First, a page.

What of Ray Hollis? We learn about him breifly, as he plans on framing Joe Chip for the murder of Runciter on Luna. Was it really just Jory the entire time. If it was, does that make the Ray Hollis and the psi's truly irrelevant to the story line?

Lev Grossman expresses my >feels on Ubik perfectly:
"[Ubik is]a deeply unsettling existential horror story, a nightmare you'll never be sure you've woken up from."

message 11: by Gynomite (new)

Gynomite | 5 comments Overall, I thought the story was good. It certainly was ambitious, tackling some pretty heavy metaphysical material, and probably my main point of criticism is that it bit off a little more than it could chew. The writing was a bit chaotic and unfocused at times, and the peripheral characters, protagonists and villains alike, were either not particularly well-developed, or quickly and inexplicably presented and then discarded without consequence. I think that these problems arise from what I said earlier, that this story attempts to tackle such heavy metaphysical material that it tries to do too much in a limited time. I feel that this story would have benefited from PKD pacing himself and taking a little more time with it. It's rare that I say a story should be longer, but this is one of those cases where I feel that way. That said, I would much rather see a story attempt for ambitious heights and barely miss rather than languish comfortably in mediocrity, and this story I feel does the former.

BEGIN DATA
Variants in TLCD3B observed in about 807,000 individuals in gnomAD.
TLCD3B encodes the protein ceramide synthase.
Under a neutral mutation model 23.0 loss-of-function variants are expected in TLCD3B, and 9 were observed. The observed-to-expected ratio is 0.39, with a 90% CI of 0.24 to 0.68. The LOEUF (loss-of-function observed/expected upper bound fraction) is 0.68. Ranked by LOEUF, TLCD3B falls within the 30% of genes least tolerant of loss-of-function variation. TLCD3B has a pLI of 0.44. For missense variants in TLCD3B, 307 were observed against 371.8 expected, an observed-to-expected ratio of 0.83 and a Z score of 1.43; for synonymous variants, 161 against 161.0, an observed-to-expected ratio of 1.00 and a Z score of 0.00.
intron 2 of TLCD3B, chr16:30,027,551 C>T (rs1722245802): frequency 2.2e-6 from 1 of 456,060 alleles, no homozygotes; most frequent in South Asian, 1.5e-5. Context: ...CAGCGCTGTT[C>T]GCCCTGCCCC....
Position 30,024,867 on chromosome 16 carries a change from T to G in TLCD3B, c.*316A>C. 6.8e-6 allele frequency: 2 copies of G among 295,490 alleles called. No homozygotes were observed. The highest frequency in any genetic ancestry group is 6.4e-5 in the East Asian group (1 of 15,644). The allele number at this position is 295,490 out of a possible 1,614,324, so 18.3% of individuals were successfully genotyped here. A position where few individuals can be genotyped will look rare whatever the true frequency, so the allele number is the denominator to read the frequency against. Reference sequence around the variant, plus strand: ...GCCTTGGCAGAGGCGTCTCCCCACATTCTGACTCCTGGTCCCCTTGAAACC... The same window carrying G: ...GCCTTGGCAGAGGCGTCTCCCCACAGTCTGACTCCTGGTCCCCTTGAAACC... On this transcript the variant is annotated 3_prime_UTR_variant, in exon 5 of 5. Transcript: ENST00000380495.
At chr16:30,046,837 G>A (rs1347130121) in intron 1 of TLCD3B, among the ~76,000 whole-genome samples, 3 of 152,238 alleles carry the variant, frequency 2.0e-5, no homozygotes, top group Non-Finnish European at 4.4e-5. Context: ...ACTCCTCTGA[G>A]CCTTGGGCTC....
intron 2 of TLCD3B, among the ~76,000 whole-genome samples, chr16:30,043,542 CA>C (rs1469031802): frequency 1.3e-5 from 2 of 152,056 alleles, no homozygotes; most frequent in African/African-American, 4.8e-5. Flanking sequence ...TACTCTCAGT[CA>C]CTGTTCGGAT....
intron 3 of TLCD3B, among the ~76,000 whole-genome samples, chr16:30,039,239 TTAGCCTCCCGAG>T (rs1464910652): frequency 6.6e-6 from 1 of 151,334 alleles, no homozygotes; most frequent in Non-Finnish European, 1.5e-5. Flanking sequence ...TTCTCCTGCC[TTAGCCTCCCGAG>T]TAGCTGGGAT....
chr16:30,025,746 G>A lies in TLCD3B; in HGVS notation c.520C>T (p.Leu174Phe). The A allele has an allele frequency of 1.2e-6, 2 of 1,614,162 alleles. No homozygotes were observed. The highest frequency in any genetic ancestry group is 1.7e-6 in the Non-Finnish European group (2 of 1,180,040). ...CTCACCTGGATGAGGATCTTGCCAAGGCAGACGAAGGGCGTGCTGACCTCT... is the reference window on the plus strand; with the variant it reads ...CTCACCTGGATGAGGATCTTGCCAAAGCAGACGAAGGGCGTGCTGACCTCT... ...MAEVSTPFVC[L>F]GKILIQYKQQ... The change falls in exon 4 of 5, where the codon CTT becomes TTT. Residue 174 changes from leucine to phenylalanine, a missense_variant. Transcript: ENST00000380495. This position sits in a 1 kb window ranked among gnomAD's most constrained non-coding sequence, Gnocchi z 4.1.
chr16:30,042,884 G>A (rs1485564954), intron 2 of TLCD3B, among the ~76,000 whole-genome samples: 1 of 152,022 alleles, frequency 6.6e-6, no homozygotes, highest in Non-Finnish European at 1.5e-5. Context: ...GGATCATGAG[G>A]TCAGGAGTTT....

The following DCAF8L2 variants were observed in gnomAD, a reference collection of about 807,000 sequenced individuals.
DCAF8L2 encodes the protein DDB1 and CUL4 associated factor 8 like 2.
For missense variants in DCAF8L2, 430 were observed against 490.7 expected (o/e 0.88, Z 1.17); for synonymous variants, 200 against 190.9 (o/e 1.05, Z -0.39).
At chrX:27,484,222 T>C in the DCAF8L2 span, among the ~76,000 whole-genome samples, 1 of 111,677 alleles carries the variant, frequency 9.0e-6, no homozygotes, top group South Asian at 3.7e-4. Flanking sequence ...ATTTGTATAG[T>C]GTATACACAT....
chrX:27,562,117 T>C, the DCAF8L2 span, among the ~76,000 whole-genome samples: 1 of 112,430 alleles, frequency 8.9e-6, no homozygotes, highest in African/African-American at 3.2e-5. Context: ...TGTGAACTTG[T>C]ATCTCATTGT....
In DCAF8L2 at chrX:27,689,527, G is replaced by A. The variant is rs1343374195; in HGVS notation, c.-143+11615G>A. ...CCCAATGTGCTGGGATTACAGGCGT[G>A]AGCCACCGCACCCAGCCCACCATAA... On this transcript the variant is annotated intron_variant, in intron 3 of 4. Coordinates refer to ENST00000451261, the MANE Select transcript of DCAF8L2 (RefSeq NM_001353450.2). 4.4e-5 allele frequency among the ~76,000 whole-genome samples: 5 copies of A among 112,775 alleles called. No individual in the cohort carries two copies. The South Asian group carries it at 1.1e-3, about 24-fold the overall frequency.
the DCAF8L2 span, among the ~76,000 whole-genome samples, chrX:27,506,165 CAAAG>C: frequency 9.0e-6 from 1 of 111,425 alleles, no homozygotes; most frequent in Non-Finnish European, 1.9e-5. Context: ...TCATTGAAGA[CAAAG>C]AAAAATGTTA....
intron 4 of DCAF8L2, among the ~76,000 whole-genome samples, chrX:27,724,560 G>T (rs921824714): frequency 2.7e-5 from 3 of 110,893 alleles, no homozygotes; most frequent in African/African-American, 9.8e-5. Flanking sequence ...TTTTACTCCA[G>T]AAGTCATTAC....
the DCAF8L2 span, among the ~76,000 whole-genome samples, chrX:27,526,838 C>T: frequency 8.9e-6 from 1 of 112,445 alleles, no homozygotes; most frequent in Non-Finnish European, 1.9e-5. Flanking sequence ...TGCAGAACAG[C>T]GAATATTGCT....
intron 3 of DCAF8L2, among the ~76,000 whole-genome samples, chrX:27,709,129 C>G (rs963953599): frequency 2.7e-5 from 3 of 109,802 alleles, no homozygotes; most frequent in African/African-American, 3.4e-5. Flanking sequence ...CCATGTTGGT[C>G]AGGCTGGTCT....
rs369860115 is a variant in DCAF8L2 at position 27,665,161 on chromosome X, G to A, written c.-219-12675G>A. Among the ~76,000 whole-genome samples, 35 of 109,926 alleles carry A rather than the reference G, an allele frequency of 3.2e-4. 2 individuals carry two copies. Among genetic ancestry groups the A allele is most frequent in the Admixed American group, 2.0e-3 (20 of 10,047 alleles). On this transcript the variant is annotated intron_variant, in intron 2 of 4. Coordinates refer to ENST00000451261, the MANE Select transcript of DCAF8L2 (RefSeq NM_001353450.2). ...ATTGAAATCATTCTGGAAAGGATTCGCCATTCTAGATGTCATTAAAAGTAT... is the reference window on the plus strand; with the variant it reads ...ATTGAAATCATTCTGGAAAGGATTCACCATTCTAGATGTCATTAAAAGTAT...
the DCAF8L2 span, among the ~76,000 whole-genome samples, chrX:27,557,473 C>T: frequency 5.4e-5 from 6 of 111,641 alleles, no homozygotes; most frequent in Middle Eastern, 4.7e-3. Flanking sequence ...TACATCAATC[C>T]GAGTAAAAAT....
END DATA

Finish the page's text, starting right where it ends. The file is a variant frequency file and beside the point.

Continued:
With my nitpicking of the presentation out of the way, I would like to say the content of the story was overall good. While the peripheral plots seemed extraneous, or at the very least underdeveloped, the central plot was very thought-provoking. I think PKD accomplished his goal of telling a thought-provoking story, and it packed a punch, even if it lacked some polish. I was left reflecting on this story for a while after I had finished, and still find myself questioning the "reality/realities" established in the story. It has staying power.

This story to me is a primer-coated '67 GTO: powerful, effective, but lacking polish. I'd still take it over the overspoilered disasters that teenage "gearheads" pour their McD's paychecks into. Substance is more important than style.

Rating: 3.5/5